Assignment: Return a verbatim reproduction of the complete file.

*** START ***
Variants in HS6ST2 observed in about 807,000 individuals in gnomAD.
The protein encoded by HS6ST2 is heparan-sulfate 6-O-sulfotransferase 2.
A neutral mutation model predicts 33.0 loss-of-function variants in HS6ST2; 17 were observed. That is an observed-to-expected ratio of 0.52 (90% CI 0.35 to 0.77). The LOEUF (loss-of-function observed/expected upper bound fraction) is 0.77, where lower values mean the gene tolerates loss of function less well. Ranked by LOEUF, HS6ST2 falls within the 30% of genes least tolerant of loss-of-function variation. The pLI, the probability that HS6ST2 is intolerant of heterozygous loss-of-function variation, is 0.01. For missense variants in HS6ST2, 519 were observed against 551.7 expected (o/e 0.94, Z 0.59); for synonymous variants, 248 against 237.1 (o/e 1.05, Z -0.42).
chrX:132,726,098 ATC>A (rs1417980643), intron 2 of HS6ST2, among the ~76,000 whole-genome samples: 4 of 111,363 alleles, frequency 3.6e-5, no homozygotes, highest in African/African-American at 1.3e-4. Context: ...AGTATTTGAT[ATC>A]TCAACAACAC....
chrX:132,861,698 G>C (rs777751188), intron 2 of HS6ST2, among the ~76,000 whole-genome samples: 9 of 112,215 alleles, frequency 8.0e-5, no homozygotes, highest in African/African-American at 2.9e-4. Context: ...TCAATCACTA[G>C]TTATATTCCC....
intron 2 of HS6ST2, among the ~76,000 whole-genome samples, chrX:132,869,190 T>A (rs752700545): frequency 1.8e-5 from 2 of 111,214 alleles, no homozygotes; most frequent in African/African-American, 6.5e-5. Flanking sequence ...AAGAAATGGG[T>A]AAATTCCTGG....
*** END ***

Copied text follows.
Variants in HS6ST2 observed in about 807,000 individuals in gnomAD.
The protein encoded by HS6ST2 is heparan-sulfate 6-O-sulfotransferase 2.
A neutral mutation model predicts 33.0 loss-of-function variants in HS6ST2; 17 were observed. That is an observed-to-expected ratio of 0.52 (90% CI 0.35 to 0.77). The LOEUF (loss-of-function observed/expected upper bound fraction) is 0.77, where lower values mean the gene tolerates loss of function less well. Ranked by LOEUF, HS6ST2 falls within the 30% of genes least tolerant of loss-of-function variation. The pLI, the probability that HS6ST2 is intolerant of heterozygous loss-of-function variation, is 0.01. For missense variants in HS6ST2, 519 were observed against 551.7 expected (o/e 0.94, Z 0.59); for synonymous variants, 248 against 237.1 (o/e 1.05, Z -0.42).
chrX:132,726,098 ATC>A (rs1417980643), intron 2 of HS6ST2, among the ~76,000 whole-genome samples: 4 of 111,363 alleles, frequency 3.6e-5, no homozygotes, highest in African/African-American at 1.3e-4. Context: ...AGTATTTGAT[ATC>A]TCAACAACAC....
chrX:132,861,698 G>C (rs777751188), intron 2 of HS6ST2, among the ~76,000 whole-genome samples: 9 of 112,215 alleles, frequency 8.0e-5, no homozygotes, highest in African/African-American at 2.9e-4. Context: ...TCAATCACTA[G>C]TTATATTCCC....
intron 2 of HS6ST2, among the ~76,000 whole-genome samples, chrX:132,869,190 T>A (rs752700545): frequency 1.8e-5 from 2 of 111,214 alleles, no homozygotes; most frequent in African/African-American, 6.5e-5. Flanking sequence ...AAGAAATGGG[T>A]AAATTCCTGG....